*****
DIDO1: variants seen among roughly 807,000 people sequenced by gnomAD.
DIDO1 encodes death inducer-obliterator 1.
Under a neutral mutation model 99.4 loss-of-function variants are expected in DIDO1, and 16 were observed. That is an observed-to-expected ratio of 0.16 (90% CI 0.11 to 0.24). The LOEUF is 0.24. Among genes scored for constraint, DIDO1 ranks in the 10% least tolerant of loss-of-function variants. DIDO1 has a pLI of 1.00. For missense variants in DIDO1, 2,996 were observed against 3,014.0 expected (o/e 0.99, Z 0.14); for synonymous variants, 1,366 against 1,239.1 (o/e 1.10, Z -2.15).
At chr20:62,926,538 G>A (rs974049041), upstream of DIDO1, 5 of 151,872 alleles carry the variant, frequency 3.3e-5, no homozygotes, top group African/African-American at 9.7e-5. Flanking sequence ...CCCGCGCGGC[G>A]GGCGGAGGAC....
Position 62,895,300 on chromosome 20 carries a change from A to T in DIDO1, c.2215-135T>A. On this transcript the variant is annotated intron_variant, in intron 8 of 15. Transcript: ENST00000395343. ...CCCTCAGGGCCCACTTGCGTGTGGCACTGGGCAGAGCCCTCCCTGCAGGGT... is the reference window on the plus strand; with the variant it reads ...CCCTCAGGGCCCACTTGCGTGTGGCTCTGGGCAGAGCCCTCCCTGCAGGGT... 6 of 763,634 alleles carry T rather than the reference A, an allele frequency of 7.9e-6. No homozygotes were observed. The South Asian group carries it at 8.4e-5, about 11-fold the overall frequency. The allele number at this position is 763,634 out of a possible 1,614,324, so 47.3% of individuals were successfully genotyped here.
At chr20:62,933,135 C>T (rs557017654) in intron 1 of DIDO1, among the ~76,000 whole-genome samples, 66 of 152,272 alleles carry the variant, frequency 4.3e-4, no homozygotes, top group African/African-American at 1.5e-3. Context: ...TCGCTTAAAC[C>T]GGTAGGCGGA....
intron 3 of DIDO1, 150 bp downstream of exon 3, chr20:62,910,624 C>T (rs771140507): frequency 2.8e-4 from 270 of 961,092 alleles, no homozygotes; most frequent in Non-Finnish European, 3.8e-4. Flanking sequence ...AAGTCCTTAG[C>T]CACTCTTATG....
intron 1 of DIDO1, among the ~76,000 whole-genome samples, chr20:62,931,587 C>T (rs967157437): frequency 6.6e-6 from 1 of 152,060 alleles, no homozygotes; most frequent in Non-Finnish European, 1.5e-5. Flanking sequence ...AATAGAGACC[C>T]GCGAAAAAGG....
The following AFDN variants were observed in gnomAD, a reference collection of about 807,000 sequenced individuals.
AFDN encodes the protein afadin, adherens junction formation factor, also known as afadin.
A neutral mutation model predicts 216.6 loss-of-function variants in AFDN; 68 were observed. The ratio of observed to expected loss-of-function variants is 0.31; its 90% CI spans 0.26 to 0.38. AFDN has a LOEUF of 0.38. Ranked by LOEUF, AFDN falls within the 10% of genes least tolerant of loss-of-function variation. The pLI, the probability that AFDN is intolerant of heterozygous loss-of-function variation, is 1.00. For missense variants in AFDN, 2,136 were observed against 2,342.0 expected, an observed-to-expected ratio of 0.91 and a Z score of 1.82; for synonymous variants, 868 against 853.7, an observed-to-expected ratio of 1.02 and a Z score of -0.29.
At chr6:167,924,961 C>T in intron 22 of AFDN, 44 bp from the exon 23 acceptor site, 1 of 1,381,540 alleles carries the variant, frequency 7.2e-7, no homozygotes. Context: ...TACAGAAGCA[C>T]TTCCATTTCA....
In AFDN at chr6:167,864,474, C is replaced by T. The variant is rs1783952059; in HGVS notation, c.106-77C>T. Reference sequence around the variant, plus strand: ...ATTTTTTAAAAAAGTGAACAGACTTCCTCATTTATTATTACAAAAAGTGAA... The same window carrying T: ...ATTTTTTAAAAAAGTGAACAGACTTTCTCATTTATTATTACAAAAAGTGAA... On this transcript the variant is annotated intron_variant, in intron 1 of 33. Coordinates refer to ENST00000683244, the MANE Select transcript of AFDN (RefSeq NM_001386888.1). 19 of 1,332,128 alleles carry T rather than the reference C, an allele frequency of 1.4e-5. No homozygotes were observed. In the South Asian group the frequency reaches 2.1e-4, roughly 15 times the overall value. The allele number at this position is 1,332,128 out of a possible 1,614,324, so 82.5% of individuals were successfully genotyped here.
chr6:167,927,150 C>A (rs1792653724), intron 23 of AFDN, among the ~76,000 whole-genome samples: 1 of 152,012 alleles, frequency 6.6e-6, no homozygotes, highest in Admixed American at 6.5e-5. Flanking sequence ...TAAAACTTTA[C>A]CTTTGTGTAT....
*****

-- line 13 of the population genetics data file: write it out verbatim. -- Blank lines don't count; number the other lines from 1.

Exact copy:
In AFDN at chr6:167,864,474, C is replaced by T. The variant is rs1783952059; in HGVS notation, c.106-77C>T. Reference sequence around the variant, plus strand: ...ATTTTTTAAAAAAGTGAACAGACTTCCTCATTTATTATTACAAAAAGTGAA... The same window carrying T: ...ATTTTTTAAAAAAGTGAACAGACTTTCTCATTTATTATTACAAAAAGTGAA... On this transcript the variant is annotated intron_variant, in intron 1 of 33. Coordinates refer to ENST00000683244, the MANE Select transcript of AFDN (RefSeq NM_001386888.1). 19 of 1,332,128 alleles carry T rather than the reference C, an allele frequency of 1.4e-5. No homozygotes were observed. In the South Asian group the frequency reaches 2.1e-4, roughly 15 times the overall value. The allele number at this position is 1,332,128 out of a possible 1,614,324, so 82.5% of individuals were successfully genotyped here.